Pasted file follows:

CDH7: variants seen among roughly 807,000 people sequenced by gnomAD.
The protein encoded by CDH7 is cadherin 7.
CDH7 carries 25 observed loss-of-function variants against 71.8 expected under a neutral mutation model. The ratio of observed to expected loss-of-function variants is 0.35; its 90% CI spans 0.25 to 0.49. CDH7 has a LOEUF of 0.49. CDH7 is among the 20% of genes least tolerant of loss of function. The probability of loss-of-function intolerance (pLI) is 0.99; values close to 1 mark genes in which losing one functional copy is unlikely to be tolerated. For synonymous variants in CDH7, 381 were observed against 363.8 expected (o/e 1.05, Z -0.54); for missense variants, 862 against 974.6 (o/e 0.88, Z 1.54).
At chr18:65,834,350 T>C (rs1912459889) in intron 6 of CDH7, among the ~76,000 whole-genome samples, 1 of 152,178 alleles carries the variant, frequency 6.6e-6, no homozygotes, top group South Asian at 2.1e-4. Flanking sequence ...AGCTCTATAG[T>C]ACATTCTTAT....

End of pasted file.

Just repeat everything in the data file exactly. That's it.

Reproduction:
CDH7: variants seen among roughly 807,000 people sequenced by gnomAD.
The protein encoded by CDH7 is cadherin 7.
CDH7 carries 25 observed loss-of-function variants against 71.8 expected under a neutral mutation model. The ratio of observed to expected loss-of-function variants is 0.35; its 90% CI spans 0.25 to 0.49. CDH7 has a LOEUF of 0.49. CDH7 is among the 20% of genes least tolerant of loss of function. The probability of loss-of-function intolerance (pLI) is 0.99; values close to 1 mark genes in which losing one functional copy is unlikely to be tolerated. For synonymous variants in CDH7, 381 were observed against 363.8 expected (o/e 1.05, Z -0.54); for missense variants, 862 against 974.6 (o/e 0.88, Z 1.54).
At chr18:65,834,350 T>C (rs1912459889) in intron 6 of CDH7, among the ~76,000 whole-genome samples, 1 of 152,178 alleles carries the variant, frequency 6.6e-6, no homozygotes, top group South Asian at 2.1e-4. Flanking sequence ...AGCTCTATAG[T>C]ACATTCTTAT....